The engine is equipped with engine valves 20, 18 which are selectively actuable to control air flow into and out of each of the combustion chambers 16 of the engine. Air flow from the intake 29 into each of the combustion chambers 16 is controlled by one or more intake valves 20. Flow of combusted gases from each of the combustion chambers to an exhaust manifold via exhaust passages 39 is controlled by one or more exhaust valves 18. Openings and closings of the intake and exhaust valves are preferably controlled with a dual camshaft (as depicted), the rotations of which are linked and indexed with rotation of the crankshaft 12. The engine is equipped with devices for controlling valve lift of the intake valves and the exhaust valves, referred to as variable valve lift control (‘VLC’). The variable valve lift system comprises a controllable two-step valve lift device operative to control magnitude of valve lift, or opening, to one of two discrete steps, e.g., a low-lift valve open position (about 4-6 mm) for load speed, low load operation, and a high-lift valve open position (about 8-10 mm) for high speed and high load operation. The engine is further equipped with devices for controlling phasing (i.e., relative timing) of opening and closing of the intake valves and the exhaust valves, referred to as variable cam phasing (‘VCP’), to control phasing beyond that which is effected by the two-step VLC lift. There is a VCP/VLC system 22 for the engine intake and a VCP/VLC system 24 for the engine exhaust. The VCP/VLC systems are controlled by the control module. Referring to FIG. 3, typical intake and exhaust valve opening profiles for low-lift operation and high-lift operation are depicted, including identifying the negative valve overlap period (NVO). When the engine is operating in the controlled auto-ignition mode with an exhaust recompression valve strategy the low lift operation is typically used, and when the engine is operating in a spark-ignition combustion mode the high lift operation typically is used. As known to skilled practitioners, VCP/VLC systems have a limited range of authority over which opening and closings of the intake and exhaust valves is controllable. The magnitude of valve lift is described above. Shifting between low-lift operation and high-lift operation can shift valve opening and closing times, as depicted in FIG. 3. Variable cam phasing systems are operable to shift valve opening time relative to crankshaft and piston position, referred to as phasing. The typical VCP system has a range of phasing authority of 60°-90° of crank rotation, thus permitting the control system to advance or retard opening and closing of the engine valves relative to piston position. The range of phasing authority is defined and limited by the hardware of the VCP and the control system which actuates the VCP. The VCP/VLC system is actuated using one of electro-hydraulic, hydraulic, and electric control force, controlled by the control module 5.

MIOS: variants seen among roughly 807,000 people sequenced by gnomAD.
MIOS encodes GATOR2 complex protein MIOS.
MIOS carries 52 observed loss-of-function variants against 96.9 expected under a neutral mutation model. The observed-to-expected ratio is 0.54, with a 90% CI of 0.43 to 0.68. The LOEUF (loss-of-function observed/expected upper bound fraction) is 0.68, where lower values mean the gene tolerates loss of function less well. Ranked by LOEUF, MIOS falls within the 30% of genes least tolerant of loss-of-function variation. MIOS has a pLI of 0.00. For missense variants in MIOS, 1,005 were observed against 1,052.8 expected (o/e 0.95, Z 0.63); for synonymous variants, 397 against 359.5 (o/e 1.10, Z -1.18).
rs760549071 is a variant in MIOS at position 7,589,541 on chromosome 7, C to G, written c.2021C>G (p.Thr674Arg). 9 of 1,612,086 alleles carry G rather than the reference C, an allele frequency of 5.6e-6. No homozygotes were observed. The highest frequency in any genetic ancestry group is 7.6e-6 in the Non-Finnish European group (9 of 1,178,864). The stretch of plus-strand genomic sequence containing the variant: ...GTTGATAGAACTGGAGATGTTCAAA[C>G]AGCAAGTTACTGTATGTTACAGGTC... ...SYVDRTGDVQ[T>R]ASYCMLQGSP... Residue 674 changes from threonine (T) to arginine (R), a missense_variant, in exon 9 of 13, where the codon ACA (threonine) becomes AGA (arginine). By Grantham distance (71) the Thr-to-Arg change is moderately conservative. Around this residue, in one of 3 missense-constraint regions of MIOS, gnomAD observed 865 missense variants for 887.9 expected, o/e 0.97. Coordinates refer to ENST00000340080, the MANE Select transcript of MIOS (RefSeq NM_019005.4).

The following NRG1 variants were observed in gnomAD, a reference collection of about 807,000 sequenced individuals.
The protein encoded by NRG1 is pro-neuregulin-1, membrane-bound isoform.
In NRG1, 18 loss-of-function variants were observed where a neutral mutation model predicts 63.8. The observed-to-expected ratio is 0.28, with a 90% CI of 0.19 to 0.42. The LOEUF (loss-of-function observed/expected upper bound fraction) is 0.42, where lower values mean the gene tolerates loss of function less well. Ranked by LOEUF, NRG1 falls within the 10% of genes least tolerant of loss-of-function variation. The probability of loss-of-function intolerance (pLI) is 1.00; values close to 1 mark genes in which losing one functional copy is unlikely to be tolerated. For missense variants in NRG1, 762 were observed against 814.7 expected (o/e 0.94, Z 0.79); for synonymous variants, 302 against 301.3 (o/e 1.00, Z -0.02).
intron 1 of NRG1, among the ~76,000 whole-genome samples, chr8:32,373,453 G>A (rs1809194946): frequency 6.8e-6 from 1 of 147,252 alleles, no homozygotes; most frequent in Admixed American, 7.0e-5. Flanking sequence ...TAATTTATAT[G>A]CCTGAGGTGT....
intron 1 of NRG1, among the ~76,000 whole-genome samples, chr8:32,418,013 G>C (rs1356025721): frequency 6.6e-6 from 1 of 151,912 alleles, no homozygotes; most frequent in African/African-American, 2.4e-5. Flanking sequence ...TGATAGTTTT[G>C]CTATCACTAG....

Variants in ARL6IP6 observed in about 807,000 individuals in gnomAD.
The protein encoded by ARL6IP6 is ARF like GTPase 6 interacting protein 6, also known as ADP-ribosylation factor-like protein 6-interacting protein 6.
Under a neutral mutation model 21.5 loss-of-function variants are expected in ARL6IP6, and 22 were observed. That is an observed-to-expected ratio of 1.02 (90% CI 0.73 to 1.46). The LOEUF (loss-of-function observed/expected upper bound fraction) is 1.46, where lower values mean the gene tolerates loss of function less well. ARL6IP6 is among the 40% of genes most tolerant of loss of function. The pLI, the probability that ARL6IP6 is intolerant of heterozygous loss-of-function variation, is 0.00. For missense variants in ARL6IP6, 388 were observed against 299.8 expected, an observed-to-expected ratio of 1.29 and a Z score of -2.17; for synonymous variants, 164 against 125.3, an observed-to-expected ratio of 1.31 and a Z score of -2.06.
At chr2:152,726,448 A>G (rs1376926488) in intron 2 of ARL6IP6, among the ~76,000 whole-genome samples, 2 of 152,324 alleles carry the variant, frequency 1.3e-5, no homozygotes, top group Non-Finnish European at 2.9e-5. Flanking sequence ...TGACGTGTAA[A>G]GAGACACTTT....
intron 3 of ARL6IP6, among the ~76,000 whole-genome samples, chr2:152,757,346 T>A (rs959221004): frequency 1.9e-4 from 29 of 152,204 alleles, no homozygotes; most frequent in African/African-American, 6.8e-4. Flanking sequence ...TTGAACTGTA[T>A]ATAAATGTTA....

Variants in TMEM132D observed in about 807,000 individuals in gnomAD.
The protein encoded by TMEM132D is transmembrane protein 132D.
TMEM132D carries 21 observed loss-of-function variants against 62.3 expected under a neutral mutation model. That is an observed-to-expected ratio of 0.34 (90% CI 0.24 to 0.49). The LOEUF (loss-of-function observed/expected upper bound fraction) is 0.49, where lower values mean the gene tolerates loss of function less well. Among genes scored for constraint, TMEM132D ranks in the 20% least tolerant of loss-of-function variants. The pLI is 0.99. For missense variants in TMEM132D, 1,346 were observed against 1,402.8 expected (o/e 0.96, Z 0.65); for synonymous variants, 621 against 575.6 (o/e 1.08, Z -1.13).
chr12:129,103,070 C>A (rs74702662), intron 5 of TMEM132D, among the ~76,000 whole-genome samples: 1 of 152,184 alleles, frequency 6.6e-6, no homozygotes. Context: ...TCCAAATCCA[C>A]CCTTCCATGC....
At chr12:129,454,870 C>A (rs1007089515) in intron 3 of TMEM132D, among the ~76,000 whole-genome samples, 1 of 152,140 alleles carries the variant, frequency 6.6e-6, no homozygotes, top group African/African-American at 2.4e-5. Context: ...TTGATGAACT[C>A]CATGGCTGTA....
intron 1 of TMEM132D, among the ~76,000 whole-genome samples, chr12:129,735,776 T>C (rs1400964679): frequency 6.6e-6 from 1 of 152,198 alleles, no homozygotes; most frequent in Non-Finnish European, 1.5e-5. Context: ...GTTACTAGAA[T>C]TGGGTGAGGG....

The engine includes a fuel injection system, comprising a plurality of high-pressure fuel injectors 28 each adapted to directly inject a mass of fuel into one of the combustion chambers, in response to a signal (‘INJ_PW’) from the control module. The fuel injectors 28 are supplied pressurized fuel from a fuel distribution system (not shown).

The engine includes a spark ignition system by which spark energy is provided to a spark plug 26 for igniting or assisting in igniting cylinder charges in each of the combustion chambers, in response to a signal (‘IGN’) from the control module. The spark plug 26 enhances the ignition timing control of the engine at certain conditions (e.g., during cold start and near a low load operation limit).

The engine is equipped with various sensing devices for monitoring engine operation, including a crankshaft rotational speed sensor 42 having output RPM, a sensor 30 adapted to monitor combustion having output COMBUSTION, and, a sensor 40 adapted to monitor exhaust gases having output EXH, typically a wide range air/fuel ratio sensor. The combustion sensor comprises a sensor device operative to monitor a combustion parameter and is depicted as a cylinder pressure sensor to monitor in-cylinder combustion pressure. It is understood that other sensing systems used to monitor cylinder pressure or another combustion parameter which can be translated into combustion phasing are included within the scope of the invention, e.g., ion-sense ignition systems.

The engine is designed to operate un-throttled on gasoline or similar fuel blends with auto-ignition combustion (‘HCCI combustion’) over an extended range of engine speeds and loads. The engine operates in spark ignition combustion mode with controlled throttle operation with conventional or modified control methods under conditions not conducive to the Controlled auto-ignition combustion mode operation and to obtain maximum engine power to meet an operator torque request. Fueling preferably comprises direct fuel injection into the each of the combustion chambers. Widely available grades of gasoline and light ethanol blends thereof are preferred fuels; however, alternative liquid and gaseous fuels such as higher ethanol blends (e.g. E80, E85), neat ethanol (E99), neat methanol (M100), natural gas, hydrogen, biogas, various reformates, syngases, and others may be used in the implementation of the present invention.

The control module is preferably a general-purpose digital computer generally comprising a microprocessor or central processing unit, storage mediums comprising non-volatile memory including read only memory (ROM) and electrically programmable read only memory (EPROM), random access memory (RAM), a high speed clock, analog to digital (A/D) and digital to analog (D/A) circuitry, and input/output circuitry and devices (I/O) and appropriate signal conditioning and buffer circuitry. The control module has a set of control algorithms, comprising resident program instructions and calibrations stored in the non-volatile memory and executed to provide the respective functions of each computer. The algorithms are typically executed during preset loop cycles such that each algorithm is executed at least once each loop cycle. Algorithms are executed by the central processing unit and are operable to monitor inputs from the aforementioned sensing devices and execute control and diagnostic routines to control operation of the actuators, using preset calibrations. Loop cycles are typically executed at regular intervals, for example each 3.125, 6.25, 12.5, 25 and 100 milliseconds during ongoing engine and vehicle operation. Alternatively, algorithms may be executed in response to occurrence of an event.